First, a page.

Facing pressure from state investigators and greater calls for transparency from the faithful, New Jersey's five Roman Catholic dioceses released the names Wednesday of nearly 190 priests who they said had been credibly accused of sexually abusing minors over decades.
The Diocese of Camden identified 56 accused clergy members in its files – most of whom, Bishop Dennis J. Sullivan noted, had long since died or had the accusations against them publicly aired. In Trenton, 30 priests were named in incidents mostly from the 1970s and '80s.
And in Newark, where officials issued a list of 63 clerics one name stood out: Cardinal Theodore McCarrick, the former head of that archdiocese whose removal from public ministry in June sparked a resurgence of the clergy sex abuse crisis across the United States.
Nearly all of the priests named Wednesday had been removed from ministry years ago and the accusations against them reported to law enforcement, the dioceses said.
Sign Up and Save
Get six months of free digital access to the Sun Herald
"I wish to express my genuine sorrow to the victims and their families who were so profoundly betrayed," said Cardinal Joseph W. Tobin, Newark's current archbishop, in a statement. "On behalf of the Church, I beg your forgiveness. You have my solemn promise of prayers and support as you continue on your healing journey."
Sullivan, in his own statement, said he expected the release of names would prompt other abuse victims to come forward.
"The darkest stain on the Catholic Church in the last century was the sexual abuse of minors by priests," he said. "Unfortunately, we have all learned that this 'filth," as Pope Benedict correctly called it, was more pervasive than anyone imagined or even thought possible."
In opening their files, New Jersey's five dioceses join those in nearly two dozen other states that have named suspected abusers in the wake of last year's landmark grand jury report in Pennsylvania, which implicated roughly 300 priests in decades of sexual abuse involving more than 1,000 victims.
That investigation spawned similar probes from authorities in other states including New Jersey, where Attorney General Gurbir S. Grewal formed a statewide task force to investigate the matter last fall.
Grewal described the dioceses' move Wednesday as a "positive first step toward transparency and accountability" but he vowed in a statement to continue his office's efforts.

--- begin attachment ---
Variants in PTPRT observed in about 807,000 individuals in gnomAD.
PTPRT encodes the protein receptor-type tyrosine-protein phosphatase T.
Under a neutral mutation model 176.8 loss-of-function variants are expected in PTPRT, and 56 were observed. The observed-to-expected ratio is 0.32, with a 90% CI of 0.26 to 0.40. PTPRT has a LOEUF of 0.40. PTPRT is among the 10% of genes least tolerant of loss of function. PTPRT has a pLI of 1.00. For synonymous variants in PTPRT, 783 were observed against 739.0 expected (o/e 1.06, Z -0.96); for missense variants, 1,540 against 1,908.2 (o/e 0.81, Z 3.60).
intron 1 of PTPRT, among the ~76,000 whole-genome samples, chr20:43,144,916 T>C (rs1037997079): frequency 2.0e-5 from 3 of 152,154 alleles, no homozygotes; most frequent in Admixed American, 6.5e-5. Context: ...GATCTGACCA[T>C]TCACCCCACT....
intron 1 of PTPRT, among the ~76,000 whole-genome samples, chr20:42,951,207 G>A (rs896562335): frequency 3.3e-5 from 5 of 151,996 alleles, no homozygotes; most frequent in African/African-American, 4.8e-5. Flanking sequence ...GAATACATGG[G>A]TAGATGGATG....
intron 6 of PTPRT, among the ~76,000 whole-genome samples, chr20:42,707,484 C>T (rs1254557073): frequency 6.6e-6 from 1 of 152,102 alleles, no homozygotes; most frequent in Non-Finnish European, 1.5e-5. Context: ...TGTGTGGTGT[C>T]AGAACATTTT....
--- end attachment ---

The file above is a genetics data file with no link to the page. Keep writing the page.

"No institution or individual is immune from accountability," he said in a statement. "We anticipate taking criminal action, wherever appropriate and releasing comprehensive information at the conclusion of our investigation."
Sexual abuse survivors and their advocates also expressed skepticism.
"Given the vast number of priests named as sexual abusers and the span of time in which the sexual abuse took place, it is fair to state that the archdiocese and dioceses in New Jersey have forgotten how to be moral and kind with children," said Mitchell Garabedian, an attorney who has represented accusers of priests in New Jersey.
Church officials compiled the lists released Wednesday through a review of files dating back decades in each of the five dioceses. Yet none of them included details about the specific allegations or when the priests' purported misconduct was alleged to have occurred.
Religious order priests – such as the Jesuits, who released their own list of accused clergy in December – were omitted.
Sullivan, the Camden bishop, maintained that his diocese and bishops across the country had made great strides in both ensuring the protection of children and punishing abusive priests since the clergy sex abuse crisis ignited in Boston 17 years ago.
As evidence of their progress, he noted that the last report of abuse of a minor deemed credible by the diocese occurred in 1995 and touted the victim compensation program New Jersey's Catholic dioceses announced this week.
"This is not in any way to excuse what had happened – and it certainly is not to excuse the failings of bishops and other leaders in the church at that time," he said, adding that "this diocese has done all in its power to make our schools, parishes and ministries safe havens for everyone and it will continue to do so."